Down and out in Burma, Paris and London
The canal in Wigan, inspiration for Orwell's 1936 novel
This 'awkward squad' member's real name was Eric Blair, and he was born in India in 1903, son of an official in the Opium Service; he was brought to England by his mother at the age of three. His family was what he called sardonically, 'lower-upper middle class', that is 'upper-middle class without money'. He was crammed for a scholarship to Eton, but did little work there, already being something of an odd man out 'agin the system'. Most of his school friends went on to Cambridge, but he entered the Burma Police, a satisfyingly second-class part of the Imperial Civil Service. He stuck it for five years, but resigned in 1927, having come to hate the social pretentiousness of the British in Burma, especially their indifference to Burmese culture.
All this poured out in Orwell's first published novel, Burmese Days (1935). The work is often taken to be socialist, because it is anti-imperialist and because we know from his Down and Out in Paris and London that the author spent time among tramps and down-and-outs - in order to see at first hand, not from books or reports, if the British treated their poor as they did the Burmese and the Indians. He thought, on the whole, they did, although later he admitted that he was mistaken in seeing tramps as the extreme of working-class poverty, rather than as a highly differentiated sub-class.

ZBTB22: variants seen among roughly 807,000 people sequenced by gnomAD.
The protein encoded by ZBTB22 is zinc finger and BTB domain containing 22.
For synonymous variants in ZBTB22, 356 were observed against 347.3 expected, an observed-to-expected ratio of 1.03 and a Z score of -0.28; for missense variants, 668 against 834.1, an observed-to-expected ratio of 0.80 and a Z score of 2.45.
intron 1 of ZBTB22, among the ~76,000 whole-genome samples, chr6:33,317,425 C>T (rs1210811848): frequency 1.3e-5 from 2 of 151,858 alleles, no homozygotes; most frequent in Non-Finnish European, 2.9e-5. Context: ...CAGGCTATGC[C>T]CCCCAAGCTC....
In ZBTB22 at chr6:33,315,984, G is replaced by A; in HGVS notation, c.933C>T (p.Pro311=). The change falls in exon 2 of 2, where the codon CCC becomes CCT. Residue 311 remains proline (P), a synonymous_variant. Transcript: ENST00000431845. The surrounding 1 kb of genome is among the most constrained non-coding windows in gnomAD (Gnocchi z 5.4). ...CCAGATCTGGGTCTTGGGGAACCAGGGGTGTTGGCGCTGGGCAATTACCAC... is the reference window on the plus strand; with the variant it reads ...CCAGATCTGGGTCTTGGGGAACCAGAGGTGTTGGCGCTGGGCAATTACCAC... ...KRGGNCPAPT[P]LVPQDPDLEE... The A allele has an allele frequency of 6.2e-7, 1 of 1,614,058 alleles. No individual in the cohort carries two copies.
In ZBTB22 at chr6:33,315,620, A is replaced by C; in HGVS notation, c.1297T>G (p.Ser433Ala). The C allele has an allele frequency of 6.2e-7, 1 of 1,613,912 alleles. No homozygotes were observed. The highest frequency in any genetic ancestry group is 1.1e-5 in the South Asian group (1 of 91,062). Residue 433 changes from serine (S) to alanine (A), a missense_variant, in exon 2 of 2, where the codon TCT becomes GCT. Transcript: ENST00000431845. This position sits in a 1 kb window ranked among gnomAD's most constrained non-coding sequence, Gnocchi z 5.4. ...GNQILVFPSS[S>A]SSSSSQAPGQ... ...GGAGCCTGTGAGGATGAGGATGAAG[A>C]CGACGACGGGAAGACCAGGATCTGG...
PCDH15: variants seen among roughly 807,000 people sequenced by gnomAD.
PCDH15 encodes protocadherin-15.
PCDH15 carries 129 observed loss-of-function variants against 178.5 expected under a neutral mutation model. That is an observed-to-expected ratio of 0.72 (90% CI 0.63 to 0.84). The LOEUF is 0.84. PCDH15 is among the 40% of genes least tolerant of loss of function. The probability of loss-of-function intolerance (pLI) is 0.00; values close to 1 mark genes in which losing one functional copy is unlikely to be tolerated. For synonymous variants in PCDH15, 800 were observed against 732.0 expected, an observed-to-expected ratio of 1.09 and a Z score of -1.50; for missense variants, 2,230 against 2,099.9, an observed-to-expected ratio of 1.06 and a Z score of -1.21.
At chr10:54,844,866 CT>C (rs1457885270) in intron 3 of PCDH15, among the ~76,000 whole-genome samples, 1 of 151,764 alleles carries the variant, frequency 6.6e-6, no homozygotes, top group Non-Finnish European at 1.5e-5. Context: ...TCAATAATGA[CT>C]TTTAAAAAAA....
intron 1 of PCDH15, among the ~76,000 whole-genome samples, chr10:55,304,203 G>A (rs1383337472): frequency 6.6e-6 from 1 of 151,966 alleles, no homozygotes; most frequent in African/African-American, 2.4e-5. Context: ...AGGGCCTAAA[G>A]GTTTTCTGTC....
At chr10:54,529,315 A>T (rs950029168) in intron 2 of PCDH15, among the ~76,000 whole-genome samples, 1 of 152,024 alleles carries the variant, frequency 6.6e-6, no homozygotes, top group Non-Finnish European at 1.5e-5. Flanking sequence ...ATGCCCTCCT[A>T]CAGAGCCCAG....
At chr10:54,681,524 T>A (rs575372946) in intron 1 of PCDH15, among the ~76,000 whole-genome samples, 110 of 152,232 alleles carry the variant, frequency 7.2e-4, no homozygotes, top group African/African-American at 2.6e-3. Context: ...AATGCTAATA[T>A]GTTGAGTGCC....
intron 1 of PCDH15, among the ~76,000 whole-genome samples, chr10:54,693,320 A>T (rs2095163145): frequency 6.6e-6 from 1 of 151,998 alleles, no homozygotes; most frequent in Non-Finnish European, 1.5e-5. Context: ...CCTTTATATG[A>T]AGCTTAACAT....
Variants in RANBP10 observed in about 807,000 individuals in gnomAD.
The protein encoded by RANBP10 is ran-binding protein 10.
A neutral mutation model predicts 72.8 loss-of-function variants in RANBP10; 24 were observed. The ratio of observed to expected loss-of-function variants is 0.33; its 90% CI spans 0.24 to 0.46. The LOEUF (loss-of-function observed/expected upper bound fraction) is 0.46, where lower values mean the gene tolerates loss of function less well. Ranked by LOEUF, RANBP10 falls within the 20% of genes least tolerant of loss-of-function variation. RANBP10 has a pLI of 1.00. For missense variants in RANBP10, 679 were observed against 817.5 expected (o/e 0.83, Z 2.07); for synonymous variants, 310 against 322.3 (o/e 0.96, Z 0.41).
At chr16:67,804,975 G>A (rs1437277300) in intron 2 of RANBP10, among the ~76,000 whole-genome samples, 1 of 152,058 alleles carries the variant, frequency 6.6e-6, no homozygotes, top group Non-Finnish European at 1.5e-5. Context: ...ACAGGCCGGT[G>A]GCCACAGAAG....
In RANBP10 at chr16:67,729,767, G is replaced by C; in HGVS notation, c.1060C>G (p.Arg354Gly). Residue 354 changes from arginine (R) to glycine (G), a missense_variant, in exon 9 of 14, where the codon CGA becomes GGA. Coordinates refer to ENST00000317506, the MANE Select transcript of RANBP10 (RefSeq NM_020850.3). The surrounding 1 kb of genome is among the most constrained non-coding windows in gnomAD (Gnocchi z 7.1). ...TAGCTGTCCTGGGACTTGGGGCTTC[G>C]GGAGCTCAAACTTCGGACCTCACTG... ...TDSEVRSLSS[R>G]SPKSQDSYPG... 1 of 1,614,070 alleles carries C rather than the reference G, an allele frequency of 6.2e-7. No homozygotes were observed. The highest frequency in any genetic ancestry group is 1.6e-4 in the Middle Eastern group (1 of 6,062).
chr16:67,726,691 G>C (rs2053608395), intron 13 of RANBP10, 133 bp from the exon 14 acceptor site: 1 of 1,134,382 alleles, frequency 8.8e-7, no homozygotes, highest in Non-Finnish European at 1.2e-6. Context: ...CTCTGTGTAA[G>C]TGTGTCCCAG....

Between 1927 and 1934, when asked where he stood politically, Orwell would often reply simply, 'I'm a Tory anarchist'. He was an individualist who resented one man or one culture imposing its values on another; and though familiar with socialist arguments about economic exploitation, he did not consider himself a socialist until 1935.
A year later he published The Road to Wigan Pier (1936), a clinical but moving account of living among the unemployed of the real working class. To this he added an eccentric and provocative final section, simultaneously announcing his conversion to socialism and his scorn for many socialist intellectuals, whom he described as so bemused by 'the myth of Soviet power' and Marxist ideology that they had lost their traditional care for freedom and had failed to understand the nature of working people. Orwell's adoption of a plain and colloquial style of writing then became an attempt, highly unsuccessful at first, to reach all those whose only education beyond the age of 14 was the free public library.